How Boris Johnson and Jeremy Corbyn remodelled their parties
Leaders have dramatically changed the direction of Tories and Labour
In less than 24 hours, around 50,000 polling stations up and down the country will open their doors and Britain will vote for its next government.
Rarely has the choice on offer to voters been so stark, with Boris Johnson’s Brexiteer Conservative Party going up against Jeremy Corbyn’s high-spending Labour Party.
Both leaders have overseen a remodelling of their parties, casting them in their own image and changing their politics.
As a leading light of the campaign to leave the European Union, Johnson has overseen a transformation of the Conservatives into the party of Brexit.
In a symbol of how the party has changed under Johnson, Gauke, alongside 20 other Tory MPs, had the whip removed in September after he backed legislation aimed at preventing a no-deal Brexit. The rebels included party grandees and ex-ministers such as Ken Clarke, Philip Hammond, Justine Greening and Dominic Grieve.
One rebel, Guto Bebb, backed the legislation saying: “I will do so knowing that my party’s leader and, sadly, more than a few of its members will regard me as a traitor to the Conservative Party.” Clarke added: “I am a Conservative, of course I am… But this leader, I don’t recognise this. It’s the Brexit Party, rebadged,” iNews reports.
The Times says that Johnson has transformed the party “into the party of Leave”, selecting Conservatives who backed Leave in the 2016 referendum to replace at least 16 Remainer politicians who have left politics or defected to another party.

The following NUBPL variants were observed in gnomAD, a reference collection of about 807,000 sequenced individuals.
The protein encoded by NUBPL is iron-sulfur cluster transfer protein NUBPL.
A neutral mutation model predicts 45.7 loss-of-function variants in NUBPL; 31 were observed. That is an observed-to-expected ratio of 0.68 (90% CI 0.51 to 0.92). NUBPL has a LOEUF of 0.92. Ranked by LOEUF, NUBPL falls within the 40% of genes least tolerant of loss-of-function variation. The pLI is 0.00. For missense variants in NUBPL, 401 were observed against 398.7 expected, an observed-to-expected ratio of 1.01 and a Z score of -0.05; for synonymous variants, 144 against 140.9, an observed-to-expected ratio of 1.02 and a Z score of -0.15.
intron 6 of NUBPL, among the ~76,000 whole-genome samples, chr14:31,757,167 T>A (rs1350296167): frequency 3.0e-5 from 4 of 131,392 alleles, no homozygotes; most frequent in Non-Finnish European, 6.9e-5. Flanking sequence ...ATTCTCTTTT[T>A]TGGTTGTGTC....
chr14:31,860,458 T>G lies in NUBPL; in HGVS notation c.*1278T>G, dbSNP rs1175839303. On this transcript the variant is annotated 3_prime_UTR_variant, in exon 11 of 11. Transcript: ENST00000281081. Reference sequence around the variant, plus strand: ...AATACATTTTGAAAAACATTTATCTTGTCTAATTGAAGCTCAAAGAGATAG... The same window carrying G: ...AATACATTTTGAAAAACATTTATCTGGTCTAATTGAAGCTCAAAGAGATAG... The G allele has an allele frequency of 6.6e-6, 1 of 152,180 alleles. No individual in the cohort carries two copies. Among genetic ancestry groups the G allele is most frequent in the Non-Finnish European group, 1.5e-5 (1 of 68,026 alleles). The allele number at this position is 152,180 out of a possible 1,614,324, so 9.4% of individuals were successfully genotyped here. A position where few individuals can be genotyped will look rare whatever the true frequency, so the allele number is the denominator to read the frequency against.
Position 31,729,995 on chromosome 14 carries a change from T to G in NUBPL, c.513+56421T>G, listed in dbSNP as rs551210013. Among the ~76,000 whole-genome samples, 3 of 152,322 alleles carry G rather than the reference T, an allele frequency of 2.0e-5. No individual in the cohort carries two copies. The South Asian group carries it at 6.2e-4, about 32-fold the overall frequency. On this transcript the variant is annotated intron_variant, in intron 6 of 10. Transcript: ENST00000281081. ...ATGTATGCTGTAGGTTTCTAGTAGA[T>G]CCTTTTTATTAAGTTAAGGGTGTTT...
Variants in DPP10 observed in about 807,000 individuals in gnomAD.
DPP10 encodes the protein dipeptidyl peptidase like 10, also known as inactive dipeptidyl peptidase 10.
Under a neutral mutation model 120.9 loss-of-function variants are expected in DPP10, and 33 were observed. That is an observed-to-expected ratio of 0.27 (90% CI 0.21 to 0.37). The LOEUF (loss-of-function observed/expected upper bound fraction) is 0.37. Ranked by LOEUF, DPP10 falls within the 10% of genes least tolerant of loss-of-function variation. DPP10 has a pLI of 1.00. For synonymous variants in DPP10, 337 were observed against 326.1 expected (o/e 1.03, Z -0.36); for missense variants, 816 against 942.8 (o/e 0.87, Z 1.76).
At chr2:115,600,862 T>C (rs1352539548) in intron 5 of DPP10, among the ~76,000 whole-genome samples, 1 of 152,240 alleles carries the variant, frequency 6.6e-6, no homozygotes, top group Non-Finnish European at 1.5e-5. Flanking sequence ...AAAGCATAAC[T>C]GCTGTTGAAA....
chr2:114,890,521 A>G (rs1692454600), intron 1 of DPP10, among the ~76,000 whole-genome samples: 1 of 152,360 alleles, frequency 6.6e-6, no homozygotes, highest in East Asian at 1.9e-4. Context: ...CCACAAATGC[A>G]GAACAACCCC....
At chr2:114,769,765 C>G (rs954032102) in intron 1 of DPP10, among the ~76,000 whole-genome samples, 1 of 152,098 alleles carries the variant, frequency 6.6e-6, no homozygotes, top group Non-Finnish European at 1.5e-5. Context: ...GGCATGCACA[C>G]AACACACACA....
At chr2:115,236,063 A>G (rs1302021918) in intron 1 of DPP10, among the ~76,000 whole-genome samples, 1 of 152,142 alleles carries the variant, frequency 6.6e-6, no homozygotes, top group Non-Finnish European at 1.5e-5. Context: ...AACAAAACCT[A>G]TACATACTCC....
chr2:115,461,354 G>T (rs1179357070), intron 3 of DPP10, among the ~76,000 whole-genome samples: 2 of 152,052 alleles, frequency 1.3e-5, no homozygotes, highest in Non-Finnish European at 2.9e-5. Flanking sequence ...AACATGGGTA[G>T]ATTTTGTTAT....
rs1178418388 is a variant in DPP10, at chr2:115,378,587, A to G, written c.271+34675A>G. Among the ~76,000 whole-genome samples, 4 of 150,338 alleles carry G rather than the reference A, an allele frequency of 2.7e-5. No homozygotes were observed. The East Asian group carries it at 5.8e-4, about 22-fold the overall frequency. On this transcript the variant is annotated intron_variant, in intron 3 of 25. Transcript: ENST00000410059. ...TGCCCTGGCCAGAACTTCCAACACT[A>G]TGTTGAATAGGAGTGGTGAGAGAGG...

According to the Financial Times, “Brexit is propelling a profound change in the Conservative party’s electoral base”.
The newspaper notes that under David Cameron the party “blended pro-business credentials with an image of modern, socially progressive conservatism and liberal internationalism”. Under Johnson, however, the “Conservatives have acquired features typical of rightwing populist parties on the continent of Europe”.
Corbyn’s leadership has swung the Labour Party to the left, undoing almost 20 years of Blairite New Labour consensus.
Since his shock election as leader in 2015 Corbyn has “rebuilt the Labour Party entirely in his image”, according to CNN. “The centrism and pragmatism that gave Tony Blair’s Labour Party a decade in power appears to be gone,” the broadcaster adds.
Corbyn’s Labour is totally opposed to public spending cuts, supports nationalisation of UK utilities and has a distinctly anti-interventionist foreign policy agenda. It also advocates for a high tax, high spend economy, setting it apart from the economic pragmatism of Blair and Gordon Brown.
Like Johnson, Corbyn has removed dissenting figures - such as former shadow foreign secretary Hilary Benn - from key positions.
As the BBC reports, “it’s certainly true that the party has changed rapidly under Corbyn’s leadership. The levers of power in the party are now controlled by his supporters.”
Jon Lansman, a close ally of Corbyn and the founder of activism group Momentum, told the broadcaster that Corbyn’s leadership “has changed Labour irrevocably”.
“We are never going back to neoliberalism,” Lansman said. “That’s been decided forever – well, for a generation. The party is a fundamentally different party and there is no going back.”
A number of Labour MPs have resigned from the party, citing Corbyn’s leadership and his new direction. When John Woodcock quit in July 2018, he said Labour was “no longer the broad church it has always been”, but had instead been “taken over by the hard left”.